Outlook They may take some convincing right now, but the day will come when shareholders in Lloyds Banking Group thank their lucky stars for Eric Daniels, Sir Victor Blank, Lord Stevenson and Andy Hornby. After all, had Lord Stevenson and Mr Hornby, formerly HBoS chairman and chief executive, not allowed HBoS to expose itself to such shockingly high-risk loans – and on such a scale – the bank would not have needed a Government-brokered rescue bid from Lloyds last autumn. And had Sir Victor and Mr Daniels, the pair's opposite numbers at Lloyds, spent a bit more time doing some due diligence on HBoS, they might not have agreed to take it on.
That would have robbed shareholders (taxpayers included) of an exciting future because, leaving aside for the moment the bad debt writedowns that plunged Lloyds to a £4bn loss in the first half, this is a bank with great positions in all its key retail markets. For example, Lloyds enjoys a 27 per cent share of the On mortgages market. On savings, it has about 20 per cent of all customers, while on current accounts, the key building block for a retail bank, it is thought to enjoy a 30 per cent share. One way or another, including the bank's insurance arms, more than half of the UK's adult population are Lloyds customers.
In any other environment, this is a deal that would have been blocked on competition grounds. The recession has taken its toll on Lloyds's cyclical banking business but, once the economy begins to recover, it is difficult to think of any other company better placed to benefit. Moreover, the group is moving towards another golden windfall for the bottom line – annual savings of £1.5bn from the integration of the Lloyds and HBOS businesses from 2011 onwards.
What about those awful impairment charges, then? Well, there's no way to sugar the pill – it's difficult to find words to describe the scale of incompetence there appears to have been in HBoS's commercial lending business, which was responsible for four-fifths of the £13.4bn Lloyds had to write down for the first half.
However, there is some good news. Firstly, Lloyds reckons impairment charges have peaked and bad debt provisions will decline from the second half onwards. And secondly, the bank expects that three-quarters of the assets on which it is making impairment charges will end up in the Asset Protection Scheme – the taxpayer-underwritten insurance fund that will cap Lloyds's potential loss at a maximum of £25bn.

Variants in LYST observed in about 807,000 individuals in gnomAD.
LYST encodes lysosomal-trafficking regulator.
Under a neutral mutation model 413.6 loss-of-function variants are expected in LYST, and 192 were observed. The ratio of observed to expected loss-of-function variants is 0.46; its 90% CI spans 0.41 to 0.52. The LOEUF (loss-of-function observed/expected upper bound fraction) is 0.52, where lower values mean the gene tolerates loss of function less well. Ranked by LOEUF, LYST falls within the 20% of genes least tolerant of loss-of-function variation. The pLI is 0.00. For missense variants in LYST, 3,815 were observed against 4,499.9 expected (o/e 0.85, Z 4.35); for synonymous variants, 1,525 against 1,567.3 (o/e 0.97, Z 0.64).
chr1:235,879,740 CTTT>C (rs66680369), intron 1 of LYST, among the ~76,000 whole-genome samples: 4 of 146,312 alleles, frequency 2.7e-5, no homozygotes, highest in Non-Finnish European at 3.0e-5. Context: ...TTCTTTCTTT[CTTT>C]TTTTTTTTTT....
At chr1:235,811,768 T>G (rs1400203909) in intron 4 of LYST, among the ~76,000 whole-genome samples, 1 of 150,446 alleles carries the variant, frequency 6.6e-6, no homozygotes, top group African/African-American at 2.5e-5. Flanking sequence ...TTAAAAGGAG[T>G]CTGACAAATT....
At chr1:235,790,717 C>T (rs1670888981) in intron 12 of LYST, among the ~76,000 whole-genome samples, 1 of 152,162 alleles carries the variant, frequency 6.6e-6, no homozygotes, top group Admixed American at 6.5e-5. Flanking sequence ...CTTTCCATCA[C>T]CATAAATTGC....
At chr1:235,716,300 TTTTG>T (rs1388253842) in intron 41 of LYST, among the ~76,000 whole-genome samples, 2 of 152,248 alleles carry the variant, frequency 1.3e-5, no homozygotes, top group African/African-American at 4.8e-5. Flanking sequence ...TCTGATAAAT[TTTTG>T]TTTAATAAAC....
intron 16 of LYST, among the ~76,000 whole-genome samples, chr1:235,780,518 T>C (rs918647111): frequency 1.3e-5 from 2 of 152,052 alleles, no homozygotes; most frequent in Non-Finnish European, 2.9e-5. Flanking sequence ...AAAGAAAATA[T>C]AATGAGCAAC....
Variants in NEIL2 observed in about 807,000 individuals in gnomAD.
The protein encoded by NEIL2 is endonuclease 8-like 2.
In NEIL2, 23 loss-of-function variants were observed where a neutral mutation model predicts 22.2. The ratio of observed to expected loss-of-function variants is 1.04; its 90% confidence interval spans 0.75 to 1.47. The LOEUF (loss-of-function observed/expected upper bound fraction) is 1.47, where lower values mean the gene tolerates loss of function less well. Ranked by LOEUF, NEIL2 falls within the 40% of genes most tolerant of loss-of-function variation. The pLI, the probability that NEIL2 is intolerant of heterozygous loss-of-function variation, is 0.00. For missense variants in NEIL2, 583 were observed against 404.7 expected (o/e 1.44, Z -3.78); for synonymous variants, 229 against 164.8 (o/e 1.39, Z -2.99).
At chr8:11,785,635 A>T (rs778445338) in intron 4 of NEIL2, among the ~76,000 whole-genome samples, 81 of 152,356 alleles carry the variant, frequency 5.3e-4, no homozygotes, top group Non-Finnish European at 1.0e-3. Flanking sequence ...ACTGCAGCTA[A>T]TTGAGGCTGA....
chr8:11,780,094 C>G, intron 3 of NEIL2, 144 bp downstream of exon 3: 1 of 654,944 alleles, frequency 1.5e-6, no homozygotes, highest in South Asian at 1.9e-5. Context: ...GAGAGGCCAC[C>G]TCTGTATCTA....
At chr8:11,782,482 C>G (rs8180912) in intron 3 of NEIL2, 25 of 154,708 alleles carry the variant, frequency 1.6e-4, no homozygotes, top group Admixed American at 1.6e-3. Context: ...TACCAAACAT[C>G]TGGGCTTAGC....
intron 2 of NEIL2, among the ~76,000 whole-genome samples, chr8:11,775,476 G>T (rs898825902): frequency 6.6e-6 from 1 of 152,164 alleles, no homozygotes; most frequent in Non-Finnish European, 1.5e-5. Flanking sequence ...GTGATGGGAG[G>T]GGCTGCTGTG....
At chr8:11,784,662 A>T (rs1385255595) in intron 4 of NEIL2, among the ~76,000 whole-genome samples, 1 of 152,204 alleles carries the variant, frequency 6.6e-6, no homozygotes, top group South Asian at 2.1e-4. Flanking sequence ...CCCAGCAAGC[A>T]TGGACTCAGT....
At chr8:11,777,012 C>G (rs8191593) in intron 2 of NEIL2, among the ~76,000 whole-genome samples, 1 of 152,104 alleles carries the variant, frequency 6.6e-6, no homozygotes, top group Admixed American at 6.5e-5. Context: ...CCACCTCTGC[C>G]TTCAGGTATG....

In other words, even if Lloyds is wrong about calling the bottom of the bad debt decline, it is hedging the worst of its future downside. That will leave the group as a whole free to enjoy its competitive advantages it its core business. There's a risk, of course, that the competition authorities may yet come calling, particularly if Lloyds expands its market shares. But as regulatory risks go, this one looks much less frightening than the sort of pressures rival lenders face on their investment banking operations, a problem Lloyds doesn't have to worry about. As for the taxpayer, we don't yet know how big a bill – if there is one – the Asset Protection Scheme is facing. But the day is approaching when Lloyds's stock moves back up above the 102p per share that the Government paid for its stake.
When and if we get there, selling up at a profit quickly might be a smart bet, just in case the ongoing state aid inquiry into Lloyds being conducted by the European Commission forces the group to make some difficult choices about disposing of key assets. That, however, is the only truly dark cloud now remaining on the bank's horizons. A slower-than-expected economic recovery might postpone the arrival of the days in which Lloyds gets to cash in on its market dominance, but won't cancel them altogether.
By then of course, three of those four bank bosses will have departed, leaving only Eric Daniels to enjoy the promised land. It is pretty likely the other prime mover in this affair won't be around either, with the chances shrinking by the day of Gordon Brown – who encouraged Sir Victor to talk to HBoS – remaining in office. Who knows, shareholders might even thank him too, one day.Reuse content